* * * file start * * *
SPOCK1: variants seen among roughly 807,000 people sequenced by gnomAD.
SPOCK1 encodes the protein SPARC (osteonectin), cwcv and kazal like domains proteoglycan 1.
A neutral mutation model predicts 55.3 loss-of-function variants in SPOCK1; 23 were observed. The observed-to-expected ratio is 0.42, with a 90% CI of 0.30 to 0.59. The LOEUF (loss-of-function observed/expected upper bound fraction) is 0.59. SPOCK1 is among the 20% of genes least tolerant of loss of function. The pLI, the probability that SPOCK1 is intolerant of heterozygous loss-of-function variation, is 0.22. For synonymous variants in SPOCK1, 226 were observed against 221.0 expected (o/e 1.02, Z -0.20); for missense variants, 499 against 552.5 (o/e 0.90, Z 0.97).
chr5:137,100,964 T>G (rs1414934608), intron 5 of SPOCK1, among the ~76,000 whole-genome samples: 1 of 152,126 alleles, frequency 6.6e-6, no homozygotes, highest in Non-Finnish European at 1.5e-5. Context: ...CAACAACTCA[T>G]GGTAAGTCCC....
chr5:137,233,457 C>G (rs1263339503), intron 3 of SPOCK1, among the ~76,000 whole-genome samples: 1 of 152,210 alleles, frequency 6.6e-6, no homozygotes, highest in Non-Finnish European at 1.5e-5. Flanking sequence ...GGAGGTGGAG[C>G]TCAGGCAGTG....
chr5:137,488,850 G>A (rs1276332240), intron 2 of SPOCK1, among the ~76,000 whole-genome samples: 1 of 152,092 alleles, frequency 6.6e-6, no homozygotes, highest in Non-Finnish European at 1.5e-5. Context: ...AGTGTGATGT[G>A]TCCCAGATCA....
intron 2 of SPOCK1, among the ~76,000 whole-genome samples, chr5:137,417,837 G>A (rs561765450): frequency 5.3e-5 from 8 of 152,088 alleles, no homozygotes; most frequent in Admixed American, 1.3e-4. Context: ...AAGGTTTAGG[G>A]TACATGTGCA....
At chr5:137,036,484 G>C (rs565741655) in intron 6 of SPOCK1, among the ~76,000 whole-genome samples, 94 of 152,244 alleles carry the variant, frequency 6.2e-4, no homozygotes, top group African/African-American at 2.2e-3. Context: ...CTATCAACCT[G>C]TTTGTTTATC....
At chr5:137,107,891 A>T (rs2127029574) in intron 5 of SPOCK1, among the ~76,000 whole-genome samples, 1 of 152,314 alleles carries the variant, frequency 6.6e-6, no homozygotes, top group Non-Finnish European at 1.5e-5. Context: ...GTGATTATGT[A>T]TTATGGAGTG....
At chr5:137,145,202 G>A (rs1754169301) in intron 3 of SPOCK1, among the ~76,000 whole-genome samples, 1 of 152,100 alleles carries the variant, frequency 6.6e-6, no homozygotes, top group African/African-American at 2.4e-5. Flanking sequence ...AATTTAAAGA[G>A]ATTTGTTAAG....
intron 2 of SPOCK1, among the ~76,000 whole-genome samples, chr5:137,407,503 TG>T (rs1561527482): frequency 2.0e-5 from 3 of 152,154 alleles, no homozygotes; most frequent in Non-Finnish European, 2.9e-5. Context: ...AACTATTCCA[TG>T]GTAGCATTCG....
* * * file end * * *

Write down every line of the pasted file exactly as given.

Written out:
SPOCK1: variants seen among roughly 807,000 people sequenced by gnomAD.
SPOCK1 encodes the protein SPARC (osteonectin), cwcv and kazal like domains proteoglycan 1.
A neutral mutation model predicts 55.3 loss-of-function variants in SPOCK1; 23 were observed. The observed-to-expected ratio is 0.42, with a 90% CI of 0.30 to 0.59. The LOEUF (loss-of-function observed/expected upper bound fraction) is 0.59. SPOCK1 is among the 20% of genes least tolerant of loss of function. The pLI, the probability that SPOCK1 is intolerant of heterozygous loss-of-function variation, is 0.22. For synonymous variants in SPOCK1, 226 were observed against 221.0 expected (o/e 1.02, Z -0.20); for missense variants, 499 against 552.5 (o/e 0.90, Z 0.97).
chr5:137,100,964 T>G (rs1414934608), intron 5 of SPOCK1, among the ~76,000 whole-genome samples: 1 of 152,126 alleles, frequency 6.6e-6, no homozygotes, highest in Non-Finnish European at 1.5e-5. Context: ...CAACAACTCA[T>G]GGTAAGTCCC....
chr5:137,233,457 C>G (rs1263339503), intron 3 of SPOCK1, among the ~76,000 whole-genome samples: 1 of 152,210 alleles, frequency 6.6e-6, no homozygotes, highest in Non-Finnish European at 1.5e-5. Flanking sequence ...GGAGGTGGAG[C>G]TCAGGCAGTG....
chr5:137,488,850 G>A (rs1276332240), intron 2 of SPOCK1, among the ~76,000 whole-genome samples: 1 of 152,092 alleles, frequency 6.6e-6, no homozygotes, highest in Non-Finnish European at 1.5e-5. Context: ...AGTGTGATGT[G>A]TCCCAGATCA....
intron 2 of SPOCK1, among the ~76,000 whole-genome samples, chr5:137,417,837 G>A (rs561765450): frequency 5.3e-5 from 8 of 152,088 alleles, no homozygotes; most frequent in Admixed American, 1.3e-4. Context: ...AAGGTTTAGG[G>A]TACATGTGCA....
At chr5:137,036,484 G>C (rs565741655) in intron 6 of SPOCK1, among the ~76,000 whole-genome samples, 94 of 152,244 alleles carry the variant, frequency 6.2e-4, no homozygotes, top group African/African-American at 2.2e-3. Context: ...CTATCAACCT[G>C]TTTGTTTATC....
At chr5:137,107,891 A>T (rs2127029574) in intron 5 of SPOCK1, among the ~76,000 whole-genome samples, 1 of 152,314 alleles carries the variant, frequency 6.6e-6, no homozygotes, top group Non-Finnish European at 1.5e-5. Context: ...GTGATTATGT[A>T]TTATGGAGTG....
At chr5:137,145,202 G>A (rs1754169301) in intron 3 of SPOCK1, among the ~76,000 whole-genome samples, 1 of 152,100 alleles carries the variant, frequency 6.6e-6, no homozygotes, top group African/African-American at 2.4e-5. Flanking sequence ...AATTTAAAGA[G>A]ATTTGTTAAG....
intron 2 of SPOCK1, among the ~76,000 whole-genome samples, chr5:137,407,503 TG>T (rs1561527482): frequency 2.0e-5 from 3 of 152,154 alleles, no homozygotes; most frequent in Non-Finnish European, 2.9e-5. Context: ...AACTATTCCA[TG>T]GTAGCATTCG....